All the Men of the Bible - Monday, April 1, 2013
Luke, Lucas [Lo̅o̅ke,Lo̅o̅'cas]—light-giving or luminous.
The Man Who Wrote the Most Beautiful Book in the World
Less is known of Luke than any other New Testament writer. This we do know, he was a Gentile and probably the brother of Titus (2 Cor. 8:16; 12:18). Paul speaks of him as a “beloved physician.” Luke must have been a man of some wealth, otherwise he could not have traveled with Paul as his friend and useful companion (Acts 1:1; Col. 4:14; 2 Tim. 4:11; Philem. 24). Tertullian said of this native of Antioch that he received his illumination from Paul.
Luke was a man of learning and knowledge, an exact observer and faithful recorder. His medical training taught him to be exact. He is in the first rank as a reliable historian, scholarly, skilful and sympathetic (Luke 1:1-3; Acts 1:1-3). His gospel is the most literary of the four. With his Greek mind he had a sense of form, a beautiful style—studied and elaborate. A poet, he was unsurpassed as a word-painter. Luke’s gospel has been described as the most wonderful book ever written, the most beautiful book in the world. Above it and within it we hear the rustle of the angels'wings, the music of angels’songs.
Luke’s qualifications for his great ministry were manifold. Above and beyond all else, he had the inspiration of the Holy Spirit. Then there was his long and close companionship with Paul, and Luke the follower of Paul set down in a book the Gospel which Paul loved to preach. Luke also had abundant opportunities for personal acquaintance with other apostles. His liberal education also indicated that in him God had a proper vessel for the accomplishment of His plan. The wisdom of the divine choice was justified.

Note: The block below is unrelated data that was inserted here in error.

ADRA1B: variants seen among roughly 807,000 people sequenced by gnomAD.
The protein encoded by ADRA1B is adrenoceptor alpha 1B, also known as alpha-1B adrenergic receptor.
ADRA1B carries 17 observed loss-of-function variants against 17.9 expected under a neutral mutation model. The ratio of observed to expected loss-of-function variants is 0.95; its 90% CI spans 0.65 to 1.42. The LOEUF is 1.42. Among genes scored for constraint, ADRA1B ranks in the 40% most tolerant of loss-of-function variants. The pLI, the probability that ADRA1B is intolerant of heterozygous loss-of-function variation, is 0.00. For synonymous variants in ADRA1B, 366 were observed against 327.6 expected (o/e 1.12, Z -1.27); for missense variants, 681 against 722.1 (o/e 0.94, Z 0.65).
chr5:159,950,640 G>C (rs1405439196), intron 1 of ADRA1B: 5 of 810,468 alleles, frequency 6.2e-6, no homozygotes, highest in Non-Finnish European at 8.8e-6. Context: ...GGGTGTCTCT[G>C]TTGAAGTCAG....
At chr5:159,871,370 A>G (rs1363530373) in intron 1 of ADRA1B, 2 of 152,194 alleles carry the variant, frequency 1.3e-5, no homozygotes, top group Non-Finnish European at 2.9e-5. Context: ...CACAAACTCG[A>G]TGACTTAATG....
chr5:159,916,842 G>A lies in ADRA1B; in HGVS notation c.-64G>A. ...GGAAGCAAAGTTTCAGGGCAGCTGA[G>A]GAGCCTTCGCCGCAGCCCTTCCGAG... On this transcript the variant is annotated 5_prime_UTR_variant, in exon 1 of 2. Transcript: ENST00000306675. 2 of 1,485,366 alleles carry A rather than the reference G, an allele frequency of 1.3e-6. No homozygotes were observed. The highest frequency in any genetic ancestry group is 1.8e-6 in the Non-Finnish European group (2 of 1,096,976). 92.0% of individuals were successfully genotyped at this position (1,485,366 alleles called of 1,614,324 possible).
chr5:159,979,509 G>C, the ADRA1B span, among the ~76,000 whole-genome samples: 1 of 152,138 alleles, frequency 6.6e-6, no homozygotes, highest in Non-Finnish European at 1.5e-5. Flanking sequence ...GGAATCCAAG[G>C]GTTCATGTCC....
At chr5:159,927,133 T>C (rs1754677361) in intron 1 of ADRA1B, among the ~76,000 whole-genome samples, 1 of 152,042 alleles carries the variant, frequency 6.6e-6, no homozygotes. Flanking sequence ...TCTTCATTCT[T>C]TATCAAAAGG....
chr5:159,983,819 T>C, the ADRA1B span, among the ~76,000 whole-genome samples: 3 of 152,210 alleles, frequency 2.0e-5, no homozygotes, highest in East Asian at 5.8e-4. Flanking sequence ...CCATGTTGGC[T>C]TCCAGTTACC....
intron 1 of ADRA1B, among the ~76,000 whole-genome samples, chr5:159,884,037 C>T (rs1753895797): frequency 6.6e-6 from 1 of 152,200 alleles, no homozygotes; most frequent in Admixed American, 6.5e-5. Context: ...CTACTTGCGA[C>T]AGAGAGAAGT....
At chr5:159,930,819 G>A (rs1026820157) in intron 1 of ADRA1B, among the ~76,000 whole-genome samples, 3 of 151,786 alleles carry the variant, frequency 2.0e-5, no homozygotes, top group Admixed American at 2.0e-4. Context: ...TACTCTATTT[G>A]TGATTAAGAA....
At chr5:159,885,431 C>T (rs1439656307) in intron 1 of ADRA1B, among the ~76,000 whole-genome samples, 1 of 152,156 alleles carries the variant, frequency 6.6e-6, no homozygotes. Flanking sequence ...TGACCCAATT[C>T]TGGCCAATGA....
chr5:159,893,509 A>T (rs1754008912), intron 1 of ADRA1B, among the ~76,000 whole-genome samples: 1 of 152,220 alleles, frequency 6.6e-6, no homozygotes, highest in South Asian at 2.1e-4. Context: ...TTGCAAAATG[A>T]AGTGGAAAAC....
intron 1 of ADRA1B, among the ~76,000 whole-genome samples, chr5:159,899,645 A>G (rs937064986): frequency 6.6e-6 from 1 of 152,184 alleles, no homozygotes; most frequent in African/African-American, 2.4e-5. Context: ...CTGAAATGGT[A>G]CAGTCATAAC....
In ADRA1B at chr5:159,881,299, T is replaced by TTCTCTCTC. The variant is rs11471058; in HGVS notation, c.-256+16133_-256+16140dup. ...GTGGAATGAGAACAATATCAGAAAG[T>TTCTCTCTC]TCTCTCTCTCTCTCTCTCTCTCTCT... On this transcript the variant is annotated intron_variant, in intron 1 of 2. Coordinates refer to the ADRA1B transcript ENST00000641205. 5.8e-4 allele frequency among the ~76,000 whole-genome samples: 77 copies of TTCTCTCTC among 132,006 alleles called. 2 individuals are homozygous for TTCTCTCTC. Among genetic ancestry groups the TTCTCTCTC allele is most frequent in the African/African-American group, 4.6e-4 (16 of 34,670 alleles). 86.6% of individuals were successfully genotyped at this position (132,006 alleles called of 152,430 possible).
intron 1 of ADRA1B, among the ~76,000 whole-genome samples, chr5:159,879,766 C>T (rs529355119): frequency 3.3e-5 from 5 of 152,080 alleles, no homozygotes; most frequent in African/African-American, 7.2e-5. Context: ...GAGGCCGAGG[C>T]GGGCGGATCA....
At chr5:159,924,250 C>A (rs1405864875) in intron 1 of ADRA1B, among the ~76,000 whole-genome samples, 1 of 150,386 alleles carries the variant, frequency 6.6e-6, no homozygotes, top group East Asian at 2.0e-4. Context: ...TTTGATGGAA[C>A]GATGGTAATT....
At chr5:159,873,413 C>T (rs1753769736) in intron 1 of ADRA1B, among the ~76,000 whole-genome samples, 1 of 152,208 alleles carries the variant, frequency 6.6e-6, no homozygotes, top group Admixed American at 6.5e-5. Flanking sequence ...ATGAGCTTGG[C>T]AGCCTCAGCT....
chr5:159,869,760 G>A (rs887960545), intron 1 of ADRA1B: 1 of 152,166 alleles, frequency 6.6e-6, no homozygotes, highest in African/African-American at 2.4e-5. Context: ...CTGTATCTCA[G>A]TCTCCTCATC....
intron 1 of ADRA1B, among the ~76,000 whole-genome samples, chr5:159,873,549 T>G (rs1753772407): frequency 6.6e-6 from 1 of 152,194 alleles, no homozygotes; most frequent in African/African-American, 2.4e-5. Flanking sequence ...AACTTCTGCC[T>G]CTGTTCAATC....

Luke’s mission was to proclaim Christ’s humanity. His is The Gentile Gospel, thus he traces Christ’s lineage back to Adam, and gives prominence to the sympathy and sociableness of Jesus as the Man (Luke 15:1) who came to save (Luke 19:10). As the representative of Grecian reason and culture, Luke presented Christ as the true Representative of universal man.
Luke wrote both the gospel bearing his name and the Book of Acts (Luke 1:1; Acts 1). The characteristic features of his gospel are clearly defined.
I. Its gratuitousness. It is par excellence the gospel of pardon and redemption (Luke 1:28; 2:40).
II. Its sympathy. Christ is before us as the Healer of broken hearts and the Sharer of our woes. Luke is the gospel of philanthropy.
III. Its joyfulness. How full of praise the Gospel of Luke is! Angelic joy is prominent (Luke 1:14; 2:10, 13; 15:7).
IV. Its thanksgiving. The Church continues the hymns of high praise Luke taught her to sing.
V. Its teaching of the holy spirit. It is profitable to gather out all Luke’s references to the special missions of the Spirit (Luke 1:15, 35, 41; 2:23, 26; 3:22; 4:1).
Devotional content drawn from All the Men of the Bible by Herbert Lockyer. Used with permission.
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